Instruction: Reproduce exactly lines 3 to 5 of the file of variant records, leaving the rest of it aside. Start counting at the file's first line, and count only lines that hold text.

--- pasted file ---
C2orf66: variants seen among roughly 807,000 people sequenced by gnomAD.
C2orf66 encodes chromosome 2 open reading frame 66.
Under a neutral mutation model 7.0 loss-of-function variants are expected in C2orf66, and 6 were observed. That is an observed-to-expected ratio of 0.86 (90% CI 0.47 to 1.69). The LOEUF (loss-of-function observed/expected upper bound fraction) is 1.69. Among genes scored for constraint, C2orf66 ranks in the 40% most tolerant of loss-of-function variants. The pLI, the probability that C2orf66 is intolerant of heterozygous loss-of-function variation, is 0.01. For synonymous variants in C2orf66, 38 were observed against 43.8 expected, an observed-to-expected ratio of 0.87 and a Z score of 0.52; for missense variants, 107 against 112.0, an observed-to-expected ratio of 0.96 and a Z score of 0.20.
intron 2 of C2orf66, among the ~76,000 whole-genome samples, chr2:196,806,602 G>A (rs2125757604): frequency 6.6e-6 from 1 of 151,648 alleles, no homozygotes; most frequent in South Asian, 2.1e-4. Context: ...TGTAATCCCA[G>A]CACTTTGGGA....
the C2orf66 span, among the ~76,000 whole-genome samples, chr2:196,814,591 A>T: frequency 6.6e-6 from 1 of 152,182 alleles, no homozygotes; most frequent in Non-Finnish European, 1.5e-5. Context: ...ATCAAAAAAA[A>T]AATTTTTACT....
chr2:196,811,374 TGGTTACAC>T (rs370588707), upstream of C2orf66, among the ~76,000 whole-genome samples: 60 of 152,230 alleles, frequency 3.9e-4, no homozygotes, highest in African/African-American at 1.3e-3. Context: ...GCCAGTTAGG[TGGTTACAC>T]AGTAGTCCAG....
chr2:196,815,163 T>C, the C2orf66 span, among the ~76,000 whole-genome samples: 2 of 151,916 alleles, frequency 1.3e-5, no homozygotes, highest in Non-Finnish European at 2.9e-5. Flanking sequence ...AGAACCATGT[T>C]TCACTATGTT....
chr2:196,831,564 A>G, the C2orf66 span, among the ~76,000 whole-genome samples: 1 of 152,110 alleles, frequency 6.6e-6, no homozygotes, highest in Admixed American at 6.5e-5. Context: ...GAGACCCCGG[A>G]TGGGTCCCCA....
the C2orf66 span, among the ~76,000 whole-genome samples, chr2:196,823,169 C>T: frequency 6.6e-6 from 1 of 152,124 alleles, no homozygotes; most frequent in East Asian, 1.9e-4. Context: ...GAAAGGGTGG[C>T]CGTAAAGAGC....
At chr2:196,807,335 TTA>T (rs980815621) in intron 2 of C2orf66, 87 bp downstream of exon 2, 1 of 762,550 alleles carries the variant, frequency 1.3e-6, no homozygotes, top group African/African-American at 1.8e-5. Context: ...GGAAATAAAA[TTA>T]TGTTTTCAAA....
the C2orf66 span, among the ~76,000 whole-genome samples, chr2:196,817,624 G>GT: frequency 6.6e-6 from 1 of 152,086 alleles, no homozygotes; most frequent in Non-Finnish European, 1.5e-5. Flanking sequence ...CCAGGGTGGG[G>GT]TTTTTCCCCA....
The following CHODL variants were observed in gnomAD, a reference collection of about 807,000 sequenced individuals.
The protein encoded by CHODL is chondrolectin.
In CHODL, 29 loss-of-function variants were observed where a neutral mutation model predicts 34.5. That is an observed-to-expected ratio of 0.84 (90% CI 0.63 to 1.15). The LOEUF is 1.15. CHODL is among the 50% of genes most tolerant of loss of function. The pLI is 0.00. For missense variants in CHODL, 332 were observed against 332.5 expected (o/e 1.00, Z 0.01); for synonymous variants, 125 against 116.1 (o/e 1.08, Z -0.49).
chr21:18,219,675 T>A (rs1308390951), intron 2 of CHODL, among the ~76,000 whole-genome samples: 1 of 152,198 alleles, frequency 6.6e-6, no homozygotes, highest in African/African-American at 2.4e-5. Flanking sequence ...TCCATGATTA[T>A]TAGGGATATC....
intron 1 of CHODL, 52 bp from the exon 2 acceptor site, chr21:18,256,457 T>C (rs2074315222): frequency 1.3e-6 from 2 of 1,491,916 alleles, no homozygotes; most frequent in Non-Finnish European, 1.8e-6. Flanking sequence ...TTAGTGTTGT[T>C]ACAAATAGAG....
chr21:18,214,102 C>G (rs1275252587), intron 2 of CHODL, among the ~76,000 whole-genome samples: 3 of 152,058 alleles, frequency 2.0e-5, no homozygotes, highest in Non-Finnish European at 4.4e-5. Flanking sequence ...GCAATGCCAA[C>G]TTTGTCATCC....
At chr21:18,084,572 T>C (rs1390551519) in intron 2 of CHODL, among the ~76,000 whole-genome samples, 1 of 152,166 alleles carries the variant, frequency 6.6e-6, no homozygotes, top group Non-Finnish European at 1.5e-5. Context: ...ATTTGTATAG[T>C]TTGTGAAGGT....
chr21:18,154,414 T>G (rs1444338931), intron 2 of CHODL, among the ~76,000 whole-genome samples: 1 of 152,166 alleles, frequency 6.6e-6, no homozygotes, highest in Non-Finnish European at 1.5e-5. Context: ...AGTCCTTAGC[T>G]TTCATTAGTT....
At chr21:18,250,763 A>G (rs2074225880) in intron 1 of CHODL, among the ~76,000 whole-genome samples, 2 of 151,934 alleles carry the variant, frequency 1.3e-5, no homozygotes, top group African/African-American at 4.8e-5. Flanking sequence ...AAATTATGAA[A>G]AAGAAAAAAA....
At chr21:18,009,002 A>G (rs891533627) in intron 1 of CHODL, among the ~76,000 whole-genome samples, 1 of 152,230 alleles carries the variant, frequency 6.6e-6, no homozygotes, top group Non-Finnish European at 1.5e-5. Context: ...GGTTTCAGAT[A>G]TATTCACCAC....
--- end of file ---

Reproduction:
Under a neutral mutation model 7.0 loss-of-function variants are expected in C2orf66, and 6 were observed. That is an observed-to-expected ratio of 0.86 (90% CI 0.47 to 1.69). The LOEUF (loss-of-function observed/expected upper bound fraction) is 1.69. Among genes scored for constraint, C2orf66 ranks in the 40% most tolerant of loss-of-function variants. The pLI, the probability that C2orf66 is intolerant of heterozygous loss-of-function variation, is 0.01. For synonymous variants in C2orf66, 38 were observed against 43.8 expected, an observed-to-expected ratio of 0.87 and a Z score of 0.52; for missense variants, 107 against 112.0, an observed-to-expected ratio of 0.96 and a Z score of 0.20.
intron 2 of C2orf66, among the ~76,000 whole-genome samples, chr2:196,806,602 G>A (rs2125757604): frequency 6.6e-6 from 1 of 151,648 alleles, no homozygotes; most frequent in South Asian, 2.1e-4. Context: ...TGTAATCCCA[G>A]CACTTTGGGA....
the C2orf66 span, among the ~76,000 whole-genome samples, chr2:196,814,591 A>T: frequency 6.6e-6 from 1 of 152,182 alleles, no homozygotes; most frequent in Non-Finnish European, 1.5e-5. Context: ...ATCAAAAAAA[A>T]AATTTTTACT....